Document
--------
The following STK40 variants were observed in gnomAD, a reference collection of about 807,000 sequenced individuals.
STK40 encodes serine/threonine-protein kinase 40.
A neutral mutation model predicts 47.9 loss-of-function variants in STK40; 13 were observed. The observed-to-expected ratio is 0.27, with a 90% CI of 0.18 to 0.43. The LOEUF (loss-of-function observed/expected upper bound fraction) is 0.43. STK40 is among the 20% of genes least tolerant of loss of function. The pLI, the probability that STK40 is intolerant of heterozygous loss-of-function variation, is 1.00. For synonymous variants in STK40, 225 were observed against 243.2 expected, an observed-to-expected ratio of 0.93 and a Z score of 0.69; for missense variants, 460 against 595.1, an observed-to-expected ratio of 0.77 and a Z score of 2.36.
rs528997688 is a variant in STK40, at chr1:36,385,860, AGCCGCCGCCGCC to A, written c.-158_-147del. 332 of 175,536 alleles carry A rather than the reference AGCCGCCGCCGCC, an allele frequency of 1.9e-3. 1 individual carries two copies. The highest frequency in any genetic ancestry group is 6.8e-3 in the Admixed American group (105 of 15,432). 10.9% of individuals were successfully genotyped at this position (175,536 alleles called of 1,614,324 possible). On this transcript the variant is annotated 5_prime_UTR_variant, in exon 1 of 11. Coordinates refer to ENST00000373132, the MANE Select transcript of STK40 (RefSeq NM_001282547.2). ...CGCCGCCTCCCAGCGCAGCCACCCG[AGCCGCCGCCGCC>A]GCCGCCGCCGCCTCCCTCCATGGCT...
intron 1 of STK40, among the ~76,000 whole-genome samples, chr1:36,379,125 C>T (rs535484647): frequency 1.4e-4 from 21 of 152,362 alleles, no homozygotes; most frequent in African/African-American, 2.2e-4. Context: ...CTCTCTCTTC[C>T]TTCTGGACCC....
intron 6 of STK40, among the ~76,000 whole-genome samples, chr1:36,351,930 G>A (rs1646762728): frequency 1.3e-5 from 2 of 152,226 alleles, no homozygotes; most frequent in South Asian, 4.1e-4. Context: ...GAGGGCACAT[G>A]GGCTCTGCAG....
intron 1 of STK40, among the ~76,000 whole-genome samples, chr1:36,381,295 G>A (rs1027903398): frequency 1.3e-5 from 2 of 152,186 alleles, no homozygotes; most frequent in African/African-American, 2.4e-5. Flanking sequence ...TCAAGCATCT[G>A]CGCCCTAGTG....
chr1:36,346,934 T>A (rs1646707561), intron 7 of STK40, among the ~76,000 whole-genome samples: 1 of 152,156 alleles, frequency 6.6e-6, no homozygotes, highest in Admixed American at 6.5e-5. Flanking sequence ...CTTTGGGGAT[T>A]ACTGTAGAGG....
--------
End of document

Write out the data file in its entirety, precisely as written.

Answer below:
The following STK40 variants were observed in gnomAD, a reference collection of about 807,000 sequenced individuals.
STK40 encodes serine/threonine-protein kinase 40.
A neutral mutation model predicts 47.9 loss-of-function variants in STK40; 13 were observed. The observed-to-expected ratio is 0.27, with a 90% CI of 0.18 to 0.43. The LOEUF (loss-of-function observed/expected upper bound fraction) is 0.43. STK40 is among the 20% of genes least tolerant of loss of function. The pLI, the probability that STK40 is intolerant of heterozygous loss-of-function variation, is 1.00. For synonymous variants in STK40, 225 were observed against 243.2 expected, an observed-to-expected ratio of 0.93 and a Z score of 0.69; for missense variants, 460 against 595.1, an observed-to-expected ratio of 0.77 and a Z score of 2.36.
rs528997688 is a variant in STK40, at chr1:36,385,860, AGCCGCCGCCGCC to A, written c.-158_-147del. 332 of 175,536 alleles carry A rather than the reference AGCCGCCGCCGCC, an allele frequency of 1.9e-3. 1 individual carries two copies. The highest frequency in any genetic ancestry group is 6.8e-3 in the Admixed American group (105 of 15,432). 10.9% of individuals were successfully genotyped at this position (175,536 alleles called of 1,614,324 possible). On this transcript the variant is annotated 5_prime_UTR_variant, in exon 1 of 11. Coordinates refer to ENST00000373132, the MANE Select transcript of STK40 (RefSeq NM_001282547.2). ...CGCCGCCTCCCAGCGCAGCCACCCG[AGCCGCCGCCGCC>A]GCCGCCGCCGCCTCCCTCCATGGCT...
intron 1 of STK40, among the ~76,000 whole-genome samples, chr1:36,379,125 C>T (rs535484647): frequency 1.4e-4 from 21 of 152,362 alleles, no homozygotes; most frequent in African/African-American, 2.2e-4. Context: ...CTCTCTCTTC[C>T]TTCTGGACCC....
intron 6 of STK40, among the ~76,000 whole-genome samples, chr1:36,351,930 G>A (rs1646762728): frequency 1.3e-5 from 2 of 152,226 alleles, no homozygotes; most frequent in South Asian, 4.1e-4. Context: ...GAGGGCACAT[G>A]GGCTCTGCAG....
intron 1 of STK40, among the ~76,000 whole-genome samples, chr1:36,381,295 G>A (rs1027903398): frequency 1.3e-5 from 2 of 152,186 alleles, no homozygotes; most frequent in African/African-American, 2.4e-5. Flanking sequence ...TCAAGCATCT[G>A]CGCCCTAGTG....
chr1:36,346,934 T>A (rs1646707561), intron 7 of STK40, among the ~76,000 whole-genome samples: 1 of 152,156 alleles, frequency 6.6e-6, no homozygotes, highest in Admixed American at 6.5e-5. Flanking sequence ...CTTTGGGGAT[T>A]ACTGTAGAGG....